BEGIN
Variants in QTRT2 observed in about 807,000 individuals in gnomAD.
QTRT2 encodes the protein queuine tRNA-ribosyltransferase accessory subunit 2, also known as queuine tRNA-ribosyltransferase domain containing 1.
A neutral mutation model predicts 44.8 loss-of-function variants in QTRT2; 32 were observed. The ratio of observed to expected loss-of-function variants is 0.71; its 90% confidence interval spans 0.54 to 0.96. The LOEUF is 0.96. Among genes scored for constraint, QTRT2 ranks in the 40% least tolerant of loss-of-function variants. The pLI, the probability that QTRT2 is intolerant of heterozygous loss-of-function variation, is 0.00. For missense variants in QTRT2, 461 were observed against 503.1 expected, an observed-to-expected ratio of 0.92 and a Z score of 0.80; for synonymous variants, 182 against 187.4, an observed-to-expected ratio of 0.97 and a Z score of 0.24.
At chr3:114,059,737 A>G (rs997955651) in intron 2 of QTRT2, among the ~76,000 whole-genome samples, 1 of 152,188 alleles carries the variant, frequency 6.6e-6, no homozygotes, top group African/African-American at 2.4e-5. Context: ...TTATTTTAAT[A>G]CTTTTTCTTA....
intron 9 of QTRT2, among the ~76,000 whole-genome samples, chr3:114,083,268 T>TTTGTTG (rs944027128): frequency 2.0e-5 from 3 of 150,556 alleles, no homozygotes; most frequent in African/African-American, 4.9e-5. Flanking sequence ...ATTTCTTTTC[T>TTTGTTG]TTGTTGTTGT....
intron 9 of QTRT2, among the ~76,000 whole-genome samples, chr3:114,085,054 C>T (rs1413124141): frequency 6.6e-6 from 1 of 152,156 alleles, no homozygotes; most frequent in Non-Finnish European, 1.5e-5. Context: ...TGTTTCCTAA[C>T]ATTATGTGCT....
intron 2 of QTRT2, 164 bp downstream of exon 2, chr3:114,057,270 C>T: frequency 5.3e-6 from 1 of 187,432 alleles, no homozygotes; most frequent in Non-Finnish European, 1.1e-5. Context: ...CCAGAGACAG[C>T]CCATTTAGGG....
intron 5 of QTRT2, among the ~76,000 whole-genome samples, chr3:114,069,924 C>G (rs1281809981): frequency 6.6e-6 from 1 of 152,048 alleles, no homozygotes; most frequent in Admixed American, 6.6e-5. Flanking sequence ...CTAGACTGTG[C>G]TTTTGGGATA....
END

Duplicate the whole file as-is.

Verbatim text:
Variants in QTRT2 observed in about 807,000 individuals in gnomAD.
QTRT2 encodes the protein queuine tRNA-ribosyltransferase accessory subunit 2, also known as queuine tRNA-ribosyltransferase domain containing 1.
A neutral mutation model predicts 44.8 loss-of-function variants in QTRT2; 32 were observed. The ratio of observed to expected loss-of-function variants is 0.71; its 90% confidence interval spans 0.54 to 0.96. The LOEUF is 0.96. Among genes scored for constraint, QTRT2 ranks in the 40% least tolerant of loss-of-function variants. The pLI, the probability that QTRT2 is intolerant of heterozygous loss-of-function variation, is 0.00. For missense variants in QTRT2, 461 were observed against 503.1 expected, an observed-to-expected ratio of 0.92 and a Z score of 0.80; for synonymous variants, 182 against 187.4, an observed-to-expected ratio of 0.97 and a Z score of 0.24.
At chr3:114,059,737 A>G (rs997955651) in intron 2 of QTRT2, among the ~76,000 whole-genome samples, 1 of 152,188 alleles carries the variant, frequency 6.6e-6, no homozygotes, top group African/African-American at 2.4e-5. Context: ...TTATTTTAAT[A>G]CTTTTTCTTA....
intron 9 of QTRT2, among the ~76,000 whole-genome samples, chr3:114,083,268 T>TTTGTTG (rs944027128): frequency 2.0e-5 from 3 of 150,556 alleles, no homozygotes; most frequent in African/African-American, 4.9e-5. Flanking sequence ...ATTTCTTTTC[T>TTTGTTG]TTGTTGTTGT....
intron 9 of QTRT2, among the ~76,000 whole-genome samples, chr3:114,085,054 C>T (rs1413124141): frequency 6.6e-6 from 1 of 152,156 alleles, no homozygotes; most frequent in Non-Finnish European, 1.5e-5. Context: ...TGTTTCCTAA[C>T]ATTATGTGCT....
intron 2 of QTRT2, 164 bp downstream of exon 2, chr3:114,057,270 C>T: frequency 5.3e-6 from 1 of 187,432 alleles, no homozygotes; most frequent in Non-Finnish European, 1.1e-5. Context: ...CCAGAGACAG[C>T]CCATTTAGGG....
intron 5 of QTRT2, among the ~76,000 whole-genome samples, chr3:114,069,924 C>G (rs1281809981): frequency 6.6e-6 from 1 of 152,048 alleles, no homozygotes; most frequent in Admixed American, 6.6e-5. Flanking sequence ...CTAGACTGTG[C>G]TTTTGGGATA....